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    Content showcases public art

    This abstract sculpture located by the Broyhill Music School was part of the 2009 Rosen Sculpture installations. The sculptures are changed on a yearly basis around campus. Aaron Travato | The Appalachian

    This abstract sculpture located by the Broyhill Music School was part of the 2009 Rosen Sculpture installations. The sculptures are changed on a yearly basis around campus.  Aaron Travato  |  The Appalachian

    Whether it is a campus tour or a casual stroll to class, those who walk the campus of Appalachian State University often notice one thing: the sculptures.

    Much of the outdoor art that fills Appalachian’s campus is produced as part of the Rosen Outdoor Sculpture Competition.

    The annual juried competition is in its 25th year and is funded by donors Martin and Doris Rosen.

    “The competition continues to provide a unique opportunity for sculptors to interact with Appalachian students and the surrounding community,” said Brook B. Bower, assistant curator at the Turchin Center for the Visual Arts (TCVA).

    The sculpture competition is also a way for visitors on campus to get a taste of the newest developments in sculpture and installation art.

    “We experience a level of public art not found in many communities…the installed works provide an overview of what sculptors are creating across the country,” said Hank T. Foreman, cultural affairs director and chief curator for the TCVA.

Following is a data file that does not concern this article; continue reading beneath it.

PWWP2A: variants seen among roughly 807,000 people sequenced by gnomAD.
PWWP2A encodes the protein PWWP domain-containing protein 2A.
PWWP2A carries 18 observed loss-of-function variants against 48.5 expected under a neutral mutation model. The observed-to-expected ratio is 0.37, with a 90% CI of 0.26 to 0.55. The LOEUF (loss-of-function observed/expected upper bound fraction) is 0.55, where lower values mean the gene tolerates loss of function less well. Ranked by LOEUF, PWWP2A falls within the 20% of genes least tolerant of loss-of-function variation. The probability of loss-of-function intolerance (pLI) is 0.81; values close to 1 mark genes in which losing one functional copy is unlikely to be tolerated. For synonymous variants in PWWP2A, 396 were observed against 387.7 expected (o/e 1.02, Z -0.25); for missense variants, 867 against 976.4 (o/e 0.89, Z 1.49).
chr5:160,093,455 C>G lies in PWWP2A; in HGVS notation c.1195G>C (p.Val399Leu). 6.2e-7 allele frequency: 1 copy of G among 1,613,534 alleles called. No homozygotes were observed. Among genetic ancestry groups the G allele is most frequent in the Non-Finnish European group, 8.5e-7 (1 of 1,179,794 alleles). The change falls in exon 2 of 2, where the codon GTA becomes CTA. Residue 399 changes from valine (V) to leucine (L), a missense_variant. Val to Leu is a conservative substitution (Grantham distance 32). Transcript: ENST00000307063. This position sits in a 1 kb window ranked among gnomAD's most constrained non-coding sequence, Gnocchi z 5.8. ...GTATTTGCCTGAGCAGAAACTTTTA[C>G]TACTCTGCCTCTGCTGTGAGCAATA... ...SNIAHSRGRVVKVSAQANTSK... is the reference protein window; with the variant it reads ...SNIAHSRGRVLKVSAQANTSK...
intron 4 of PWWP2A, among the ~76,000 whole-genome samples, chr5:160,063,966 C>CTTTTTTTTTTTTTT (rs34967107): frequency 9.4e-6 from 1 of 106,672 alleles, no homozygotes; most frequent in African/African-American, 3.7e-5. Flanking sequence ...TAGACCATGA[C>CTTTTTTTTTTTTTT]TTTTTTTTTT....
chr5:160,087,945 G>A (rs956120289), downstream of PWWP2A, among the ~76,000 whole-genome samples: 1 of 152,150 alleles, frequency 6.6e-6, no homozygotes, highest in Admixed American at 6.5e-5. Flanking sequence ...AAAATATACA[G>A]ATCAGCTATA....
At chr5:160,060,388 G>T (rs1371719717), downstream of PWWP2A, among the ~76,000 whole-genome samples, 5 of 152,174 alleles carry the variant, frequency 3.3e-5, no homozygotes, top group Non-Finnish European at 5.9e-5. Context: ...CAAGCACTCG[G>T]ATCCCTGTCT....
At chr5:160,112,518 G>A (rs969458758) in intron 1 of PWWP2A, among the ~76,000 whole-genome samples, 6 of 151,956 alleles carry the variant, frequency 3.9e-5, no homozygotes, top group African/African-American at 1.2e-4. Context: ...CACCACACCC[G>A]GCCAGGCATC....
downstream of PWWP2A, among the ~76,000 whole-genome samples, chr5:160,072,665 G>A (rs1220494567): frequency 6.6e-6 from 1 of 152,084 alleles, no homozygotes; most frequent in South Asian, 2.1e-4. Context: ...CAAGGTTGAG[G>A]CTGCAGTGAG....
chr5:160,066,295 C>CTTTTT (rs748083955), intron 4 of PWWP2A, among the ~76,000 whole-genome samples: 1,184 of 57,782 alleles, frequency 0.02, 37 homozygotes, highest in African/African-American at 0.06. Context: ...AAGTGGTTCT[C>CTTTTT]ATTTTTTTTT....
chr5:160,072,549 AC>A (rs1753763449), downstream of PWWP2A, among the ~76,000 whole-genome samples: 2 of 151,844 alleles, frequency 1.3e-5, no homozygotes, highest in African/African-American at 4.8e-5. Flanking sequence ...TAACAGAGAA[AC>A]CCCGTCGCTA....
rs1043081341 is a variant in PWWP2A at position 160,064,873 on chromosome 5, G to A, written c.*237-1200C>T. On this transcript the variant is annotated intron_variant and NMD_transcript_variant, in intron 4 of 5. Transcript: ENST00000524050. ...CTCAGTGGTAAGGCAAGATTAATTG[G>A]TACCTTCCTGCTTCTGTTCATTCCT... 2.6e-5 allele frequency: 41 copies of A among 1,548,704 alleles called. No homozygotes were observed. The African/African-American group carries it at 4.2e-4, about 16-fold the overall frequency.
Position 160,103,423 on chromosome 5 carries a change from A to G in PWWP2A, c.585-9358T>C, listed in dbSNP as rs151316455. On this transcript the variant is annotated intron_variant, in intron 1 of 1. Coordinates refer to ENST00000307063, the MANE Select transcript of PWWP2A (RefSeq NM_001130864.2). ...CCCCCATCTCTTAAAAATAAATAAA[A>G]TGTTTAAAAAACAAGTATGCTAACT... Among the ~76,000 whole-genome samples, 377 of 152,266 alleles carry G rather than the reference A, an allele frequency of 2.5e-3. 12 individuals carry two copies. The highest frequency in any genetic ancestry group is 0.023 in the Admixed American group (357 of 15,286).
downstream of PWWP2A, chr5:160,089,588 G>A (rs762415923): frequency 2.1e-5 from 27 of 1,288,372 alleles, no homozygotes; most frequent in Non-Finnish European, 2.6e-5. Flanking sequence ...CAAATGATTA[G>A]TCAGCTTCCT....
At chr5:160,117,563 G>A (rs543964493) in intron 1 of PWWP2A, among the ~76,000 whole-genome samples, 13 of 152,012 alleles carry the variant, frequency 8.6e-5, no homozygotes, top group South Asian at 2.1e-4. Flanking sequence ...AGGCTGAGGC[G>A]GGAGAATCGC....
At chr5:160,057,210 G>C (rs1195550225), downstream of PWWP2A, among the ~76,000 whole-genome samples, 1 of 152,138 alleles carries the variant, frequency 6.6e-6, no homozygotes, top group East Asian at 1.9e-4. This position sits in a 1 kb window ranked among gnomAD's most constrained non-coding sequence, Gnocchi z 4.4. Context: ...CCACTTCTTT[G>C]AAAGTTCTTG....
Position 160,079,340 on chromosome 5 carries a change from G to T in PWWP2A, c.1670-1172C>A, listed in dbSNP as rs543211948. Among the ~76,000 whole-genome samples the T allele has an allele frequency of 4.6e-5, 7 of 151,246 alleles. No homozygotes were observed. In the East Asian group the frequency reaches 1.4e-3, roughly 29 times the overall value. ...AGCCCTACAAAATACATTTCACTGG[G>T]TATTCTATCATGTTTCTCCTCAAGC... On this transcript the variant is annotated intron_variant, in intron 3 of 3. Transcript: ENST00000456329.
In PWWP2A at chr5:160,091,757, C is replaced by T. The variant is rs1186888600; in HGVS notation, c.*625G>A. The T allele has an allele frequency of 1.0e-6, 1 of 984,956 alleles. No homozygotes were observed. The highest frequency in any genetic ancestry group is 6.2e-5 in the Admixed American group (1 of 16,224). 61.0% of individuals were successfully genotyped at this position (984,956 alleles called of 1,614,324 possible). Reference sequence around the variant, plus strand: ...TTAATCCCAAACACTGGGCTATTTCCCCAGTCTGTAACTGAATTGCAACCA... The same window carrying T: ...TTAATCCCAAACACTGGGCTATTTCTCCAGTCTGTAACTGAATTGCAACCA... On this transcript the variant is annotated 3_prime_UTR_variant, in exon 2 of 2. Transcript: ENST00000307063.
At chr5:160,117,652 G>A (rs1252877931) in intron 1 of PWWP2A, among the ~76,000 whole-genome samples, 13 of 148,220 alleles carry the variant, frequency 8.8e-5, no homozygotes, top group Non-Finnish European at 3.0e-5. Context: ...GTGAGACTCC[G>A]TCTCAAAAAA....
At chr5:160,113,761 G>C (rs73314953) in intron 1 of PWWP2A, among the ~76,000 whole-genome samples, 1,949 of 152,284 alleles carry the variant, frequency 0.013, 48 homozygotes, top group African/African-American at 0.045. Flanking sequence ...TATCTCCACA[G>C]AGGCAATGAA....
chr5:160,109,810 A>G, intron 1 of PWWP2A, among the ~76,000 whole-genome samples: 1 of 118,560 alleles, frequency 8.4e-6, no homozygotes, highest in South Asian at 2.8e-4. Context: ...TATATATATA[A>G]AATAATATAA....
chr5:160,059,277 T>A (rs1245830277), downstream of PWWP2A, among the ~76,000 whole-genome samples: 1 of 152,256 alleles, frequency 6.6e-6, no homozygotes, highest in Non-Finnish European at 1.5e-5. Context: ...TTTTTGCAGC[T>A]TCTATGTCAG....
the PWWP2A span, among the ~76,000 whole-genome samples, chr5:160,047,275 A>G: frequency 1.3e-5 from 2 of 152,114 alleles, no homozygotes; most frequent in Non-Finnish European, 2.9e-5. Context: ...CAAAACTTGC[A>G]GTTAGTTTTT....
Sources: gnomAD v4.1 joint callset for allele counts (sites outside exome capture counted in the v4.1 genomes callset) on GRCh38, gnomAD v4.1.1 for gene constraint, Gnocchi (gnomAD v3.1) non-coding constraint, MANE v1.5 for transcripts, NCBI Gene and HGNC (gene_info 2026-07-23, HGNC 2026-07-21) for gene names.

Eight winners were chosen from the 41 sculptures submitted in this year’s competition.
    Paris Alexander of Raleigh, Aaron Lee Benson of Jackson, Tenn., Loren Constantini of Milford, Conn., Jennifer Hecker of Brockport, N.Y., Ira Hill of Tallahassee, Fla., IlaSahai Prouty of Bakersville, Adam Walls of Laurinburg and Glenn Zweygardt of Alfred Station, N.Y. will all see their work exhibited on Appalachian’s campus.

    One of the eight sculptures will be chosen to receive the Rosen Award. The Rosen Award winner will be announced July 23 at the Rosen Outdoor Sculpture Walk, part of An Appalachian Summer Festival.

    Several events will surround the installation of the 2011-12 Rosen sculptures. Installation of the sculptures will take place today and tomorrow. With the assistance of TCVA staff, gallery assistants and other volunteers, the eight sculptors will install their own work.

    Bower said anyone is welcome to watch the installation process along the west side of campus.

    “[The installation] is mostly viewable…along Rivers Street, stretching from Walker Hall to the Duck Pond,” Bower said, adding that specific installation locations will be listed on the TCVA website within the week.

    This year’s juror, Mel Chin, will lead a tour through the sculptures July 23 at 10 a.m. The sculptures will remain on display through February 2012.

    Bower considers the Rosen Outdoor Sculpture Competition an important part of on-campus life and learning at Appalachian.

    “The sculptures on campus can be used as a tool to question our surroundings and better understand how the arts can become an integral part of our daily lives,” she said.

    For more information on the Rosen Outdoor Sculpture Competition and related events, visit rosensculpture.org or tcva.org.

    Story: MEGHAN FRICK, Lifestyles Editor

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